This comic is our first glimpse of Superman in the present of the DCnU and five years into his superhero career. Unlike Action Comics #1, where we see his early days as a costumed crusader, Superman #1 shows the Man of Steel already established as the champion of Metropolis. In many ways, this comic is less about Superman and more about the Daily Planet. The old and iconic Daily Planet building has been demolished and replaced by a bigger and more modern version. This relaunch of the Daily Planet seems to be a bit of a metacommentary on DC’s New 52, and it’s a fitting way to restart Superman in the DCnU.
The issue opens on the demolition of the Daily Planet building. I couldn’t help but read this scene as a sort of ceromonial send off to the old DCU. The old Daily Planet building, which is perhaps the most recognizable edifice in the DCU, is torn down and replaced by a taller, more modern, and more impressive building. Much like the old DCU has been torn down and supplanted by a sleeker DCnU, so too has the Daily Planet building been leveled and replaced by a new and redesigned version. The Daily Planet has been bought by Morgan Edge and his company Galaxy Communications. Morgan Edge is relaunching the Daily Planet, and although he says his intention is “not to bury the Daily Planet but to raise it”, it’s clear that Perez is implying that this may be the moral death of the newspaper that historically served as the last bastion of journalistic integrity.
George Perez is offering a metafictional commentary on the DC Comics relaunch by beginning his arc on Superman with a relaunch of the Daily Planet. He even has Lois Lane say to Clark Kent, “You’ve seen the figures! Print is dying! We need this to survive!” Lois’s claim that print is dying and that the Daily Planet needs a relaunch to survive the transition to digital obviously applies to DC Comics; the falling sales numbers of monthly comics, the failure to break that elusive 100k barrier, and the rise of digital comics all but forced DC Comics to overhaul their entire strategy.
Although the relaunch of the Daily Planet is a clever use of metafiction, what I find more interesting is that Clark Kent is very much against the new corporate ownership of his beloved employer. It’s intriguing that Perez has Clark convinced that Galaxy Communications will turn the Daily Planet into “just another scandal mongering rag”. Not only that, but it seems like Perez is foreshadowing that Morgan Edge will in fact be a corrupting influence on the ever so pure and honorable Daily Planet. Considering that he’s heavily involved with Intergang in the old DCU, it’s fair to assume that Morgan Edge won’t be good for the relaunched Daily Planet. It’s very interesting that Perez chose to portray the Daily Planet relaunch with such cynicism and dark undertones. Is Perez making some sort of veiled statement on the relaunch of DC Comics?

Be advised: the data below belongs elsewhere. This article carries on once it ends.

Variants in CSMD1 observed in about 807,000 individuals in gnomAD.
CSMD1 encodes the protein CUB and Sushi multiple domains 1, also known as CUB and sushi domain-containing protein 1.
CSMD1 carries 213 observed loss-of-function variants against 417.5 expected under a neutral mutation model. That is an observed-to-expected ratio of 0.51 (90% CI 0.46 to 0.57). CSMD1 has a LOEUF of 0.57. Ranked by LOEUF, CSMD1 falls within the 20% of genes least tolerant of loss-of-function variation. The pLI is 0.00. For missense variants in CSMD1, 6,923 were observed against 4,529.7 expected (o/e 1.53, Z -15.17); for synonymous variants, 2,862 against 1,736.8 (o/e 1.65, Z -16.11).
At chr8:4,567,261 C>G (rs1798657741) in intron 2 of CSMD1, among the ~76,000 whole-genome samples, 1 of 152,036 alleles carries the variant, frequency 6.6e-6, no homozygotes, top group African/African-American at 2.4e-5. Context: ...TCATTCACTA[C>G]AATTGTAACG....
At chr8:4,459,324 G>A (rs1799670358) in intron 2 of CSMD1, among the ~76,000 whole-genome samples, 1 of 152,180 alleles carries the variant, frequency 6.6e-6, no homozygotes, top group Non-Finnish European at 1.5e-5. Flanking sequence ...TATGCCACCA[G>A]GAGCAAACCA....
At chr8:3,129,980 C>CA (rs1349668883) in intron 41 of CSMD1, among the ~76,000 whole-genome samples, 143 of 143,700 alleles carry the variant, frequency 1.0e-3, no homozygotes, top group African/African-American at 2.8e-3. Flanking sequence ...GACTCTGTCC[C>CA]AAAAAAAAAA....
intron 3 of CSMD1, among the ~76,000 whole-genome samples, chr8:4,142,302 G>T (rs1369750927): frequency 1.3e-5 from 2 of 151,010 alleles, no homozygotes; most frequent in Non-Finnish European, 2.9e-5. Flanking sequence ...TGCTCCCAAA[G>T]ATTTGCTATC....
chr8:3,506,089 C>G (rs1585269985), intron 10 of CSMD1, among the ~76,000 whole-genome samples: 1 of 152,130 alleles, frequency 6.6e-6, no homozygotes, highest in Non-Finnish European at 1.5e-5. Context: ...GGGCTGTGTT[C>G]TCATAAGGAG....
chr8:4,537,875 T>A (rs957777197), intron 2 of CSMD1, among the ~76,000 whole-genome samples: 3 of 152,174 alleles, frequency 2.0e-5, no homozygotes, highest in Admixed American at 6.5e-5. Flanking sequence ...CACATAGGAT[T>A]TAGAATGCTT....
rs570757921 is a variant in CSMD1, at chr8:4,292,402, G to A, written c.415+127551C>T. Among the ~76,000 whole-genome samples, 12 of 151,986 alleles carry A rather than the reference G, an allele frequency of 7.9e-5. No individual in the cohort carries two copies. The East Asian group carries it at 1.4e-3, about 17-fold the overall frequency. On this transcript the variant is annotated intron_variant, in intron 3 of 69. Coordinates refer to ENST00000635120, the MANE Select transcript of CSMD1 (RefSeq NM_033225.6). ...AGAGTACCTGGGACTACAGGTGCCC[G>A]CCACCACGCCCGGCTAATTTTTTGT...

The rest of the plot of this issue involves Superman fighting some sort of strange fire monster. This fire entity is ravaging Metropolis with a seemingly random and unprovoked attack, and this gives Jesus Merino room to run with his illustrations of Superman in action. Merino’s depictions of Superman battling the raging infernos of the fire entity are great, and it’s clear that he works well with Perez’s breakdowns. It’s important that Superman is not portrayed as too self absorbed and Hamletesque like he was in Superman Returns; this issue definitely delivers the city shaking action that a Superman comic requires.
This fight scene is overlayed with captions that lift text from Clark Kent’s article on the event. Again, the focus is not on Superman, but on the Daily Planet and its coverage of his exploits. During Superman’s attempts to subdue the destructive fire entity, Perez details Lois Lane’s struggle to get adequate news coverage on the scene. It’s a fresh way to approach the Superman narrative to have the attention more on the media’s response rather than the Man of Steel himself.
Our first look at the Superman of the present day DCnU is both entertaining and engaging. Perez delivers the action that people want from a Superman comic, and also a highly interesting metafictional commentary with the relaunch of the Daily Planet. Perez’s idea to view Superman through the lens of the media and their reaction to his adventures is relevant to our media dominated world, and it’s a very appealing way to tell Superman stories. Overall, I thought that this was a well written and illustrated relaunch of Superman, and I’m on board for this series.